VC: Well, one of the reasons I wanted to do it is because I wanted to investigate a family that is going through loss. I think that that is something that our culture does not do very well. Loss is something we don't do well as a culture - and, maybe that's just our species and not our culture. So, with my son growing up and leaving to go to school, I wanted to do something to, you know, distract me and take up my time [Laughs.]... and also teach me something about change and loss.

PC: Tell me about working with Mary-Louise Parker.

VC: Oh, it's been extraordinary working with Mary-Louise. She is so dynamic! She is extremely exciting to work with. She is very alive, very fresh, very supportive, very collegial - being with her onstage every night is a thrill.

PC: What about Danny Burstein?

VC: As you may know, this is our third time working together - Danny and I; we did FOLLIES together and TITANIC, too - and I would do anything with him, any day.

PC: Should Rebecca Luker [his wife] be keeping tabs, then?!

VC: No, no - not at all! [Laughs.]

PC: What an unusual casting roulette with her taking over for you in CINDERELLA and you appearing in THE SNOW GEESE with Danny.

VC: I know! Isn't it crazy?! I am so glad that it worked out that she could take over at CINDERELLA so I could do this play.

PC: How exactly did that casting come to pass? Did you put in a good word for her?

VC: I don't know - honestly! I think she was just the perfect person for the role - I reall do. I was crossing my fingers that it would go that way when I heard she was being considered - I just thought it was the perfect match. She's so wonderful. So, it really worked out perfectly.

PC: Was this your first time working with Dan Sullivan?

VC: Yes, this is my first time working with Dan. He is unbelievable! So focused - so, so smart. It has been a real thrill for me to work with him.

PC: Was there a moment in the play that struck you most in first reading it?

VC: Well, I don't want to give too much away for people who haven't seen it - it's kind of a surprising moment in the play. My character has a scene with the younger of the two sons at the end of the play and I think that that was the lynch-pin moment for me - it's when this woman finally takes action.

PC: How so?

VC: My character is really afraid to step on her sister's toes because she is not the mother of these children - there is only so much she can say as the dutiful aunt. And, then, there is a moment in the play where she says, "Enough is enough!" and she takes control for about three minutes. It's a beautiful scene and it's the reason I took the play.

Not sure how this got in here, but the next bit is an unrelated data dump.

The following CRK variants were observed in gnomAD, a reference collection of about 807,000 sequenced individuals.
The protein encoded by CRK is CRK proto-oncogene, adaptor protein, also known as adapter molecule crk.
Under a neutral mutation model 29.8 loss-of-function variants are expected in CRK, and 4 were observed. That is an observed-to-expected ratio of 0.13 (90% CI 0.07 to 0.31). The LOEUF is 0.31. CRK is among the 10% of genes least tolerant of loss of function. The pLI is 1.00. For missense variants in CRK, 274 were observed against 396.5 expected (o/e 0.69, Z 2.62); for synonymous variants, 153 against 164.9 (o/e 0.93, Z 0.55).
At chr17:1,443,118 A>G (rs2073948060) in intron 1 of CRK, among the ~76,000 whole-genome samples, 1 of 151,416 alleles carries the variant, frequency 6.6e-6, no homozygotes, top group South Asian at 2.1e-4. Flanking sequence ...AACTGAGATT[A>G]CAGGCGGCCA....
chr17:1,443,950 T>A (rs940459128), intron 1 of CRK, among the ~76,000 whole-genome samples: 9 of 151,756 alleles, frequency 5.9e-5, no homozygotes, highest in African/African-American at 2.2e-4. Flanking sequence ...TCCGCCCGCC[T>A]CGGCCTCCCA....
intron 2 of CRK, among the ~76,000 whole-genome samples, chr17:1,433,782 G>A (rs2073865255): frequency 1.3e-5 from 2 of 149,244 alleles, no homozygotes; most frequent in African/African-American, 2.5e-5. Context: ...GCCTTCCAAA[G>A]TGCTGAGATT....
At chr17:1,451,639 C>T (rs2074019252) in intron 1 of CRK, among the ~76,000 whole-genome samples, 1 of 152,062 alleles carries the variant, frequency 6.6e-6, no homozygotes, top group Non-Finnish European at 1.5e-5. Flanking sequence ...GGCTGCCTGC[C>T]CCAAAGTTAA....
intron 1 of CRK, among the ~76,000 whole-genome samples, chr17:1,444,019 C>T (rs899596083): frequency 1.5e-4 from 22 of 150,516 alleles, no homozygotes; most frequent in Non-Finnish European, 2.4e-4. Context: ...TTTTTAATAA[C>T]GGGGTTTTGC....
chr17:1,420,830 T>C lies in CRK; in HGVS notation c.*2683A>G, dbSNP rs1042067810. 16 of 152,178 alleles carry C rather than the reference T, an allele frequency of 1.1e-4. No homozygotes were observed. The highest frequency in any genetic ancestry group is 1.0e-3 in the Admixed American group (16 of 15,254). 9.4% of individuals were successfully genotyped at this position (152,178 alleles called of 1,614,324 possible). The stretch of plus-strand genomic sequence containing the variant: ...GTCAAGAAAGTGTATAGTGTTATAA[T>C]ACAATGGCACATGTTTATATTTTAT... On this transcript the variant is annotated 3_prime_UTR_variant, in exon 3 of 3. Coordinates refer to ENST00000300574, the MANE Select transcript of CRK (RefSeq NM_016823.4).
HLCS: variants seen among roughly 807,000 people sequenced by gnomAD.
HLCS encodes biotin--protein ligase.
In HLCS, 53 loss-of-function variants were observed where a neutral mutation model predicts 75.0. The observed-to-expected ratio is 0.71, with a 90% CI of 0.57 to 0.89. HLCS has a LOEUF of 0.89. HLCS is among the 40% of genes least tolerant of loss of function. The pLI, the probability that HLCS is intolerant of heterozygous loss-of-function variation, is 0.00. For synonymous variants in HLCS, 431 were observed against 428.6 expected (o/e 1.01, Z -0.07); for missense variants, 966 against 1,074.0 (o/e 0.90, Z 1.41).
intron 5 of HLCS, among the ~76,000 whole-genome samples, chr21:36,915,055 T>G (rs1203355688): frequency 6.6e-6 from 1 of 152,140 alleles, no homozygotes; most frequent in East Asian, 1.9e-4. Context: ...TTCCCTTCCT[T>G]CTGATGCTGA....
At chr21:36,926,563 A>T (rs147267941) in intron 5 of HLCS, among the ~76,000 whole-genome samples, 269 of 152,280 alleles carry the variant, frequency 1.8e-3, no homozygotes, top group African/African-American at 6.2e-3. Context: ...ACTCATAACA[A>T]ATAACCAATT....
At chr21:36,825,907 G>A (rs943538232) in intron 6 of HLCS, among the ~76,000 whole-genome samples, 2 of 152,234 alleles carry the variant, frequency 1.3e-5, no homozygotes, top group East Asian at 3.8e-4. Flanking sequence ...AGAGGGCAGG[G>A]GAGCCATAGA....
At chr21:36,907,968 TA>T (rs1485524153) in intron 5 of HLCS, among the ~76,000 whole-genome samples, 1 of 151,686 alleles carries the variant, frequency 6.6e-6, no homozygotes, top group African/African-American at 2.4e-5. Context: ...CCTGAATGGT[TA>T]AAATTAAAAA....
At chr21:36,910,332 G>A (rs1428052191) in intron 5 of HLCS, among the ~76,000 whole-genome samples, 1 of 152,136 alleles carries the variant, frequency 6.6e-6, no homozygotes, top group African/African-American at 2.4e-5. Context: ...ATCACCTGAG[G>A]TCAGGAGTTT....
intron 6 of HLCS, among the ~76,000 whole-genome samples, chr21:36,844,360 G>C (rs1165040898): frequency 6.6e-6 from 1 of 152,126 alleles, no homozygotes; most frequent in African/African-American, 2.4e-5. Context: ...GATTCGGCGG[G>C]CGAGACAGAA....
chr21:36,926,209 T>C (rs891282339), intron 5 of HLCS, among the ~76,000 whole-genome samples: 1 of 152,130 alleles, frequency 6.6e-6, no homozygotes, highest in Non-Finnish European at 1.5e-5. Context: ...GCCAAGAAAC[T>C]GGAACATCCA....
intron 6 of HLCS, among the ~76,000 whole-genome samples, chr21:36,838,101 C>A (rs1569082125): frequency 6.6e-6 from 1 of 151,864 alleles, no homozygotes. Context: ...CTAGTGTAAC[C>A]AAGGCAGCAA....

PC: Do you draw from your own history to so richly embody these stately women you often portray onstage?

VC: Oh, well, I think everyone has an Aunt Clarissa - and, that's why she's fun to play!

PC: Indeed.

VC: I mean, afterwards, people say to me, "Oh, we know exactly who she is," and they said similar things to me on PIAZZA. We all have one - we all have an Aunt Clarissa.

PC: How do you define that type?

VC: Oh, she's the one who pretends that she's not having any fun but she'll always be the first to get your joke, you know?

PC: She's in on it.

VC: Exactly. That kind of lady. We see through a lot of the shell, though, and we see her suffering - she's had a hard life!

PC: Do you think you may take on a comedy role next - pretty please?

VC: Since you asked, I would love to do Dolly [in HELLO, DOLLY!].

PC: You have the star power, the personality, the talent... it's time.

VC: Definitely. It's definitely one of those parts where I feel like I have the life experience to do it now - you know, you can't do Dolly too young because she has been through so much. But, yes, I would love to do Dolly - and, I would love to do Mame in MAME, too.

PC: Have you discussed either or both possibilities with Jerry Herman?

VC: We have, actually - we've talked about it. But, you know, Jerry is actually one of the people who doesn't really remember my clown-y years, though, so if anybody in your vast readership has a video of me acting funny, send it his way, please!

PC: On that note, what do you think of camera phones and filmed shows ending up on YouTube?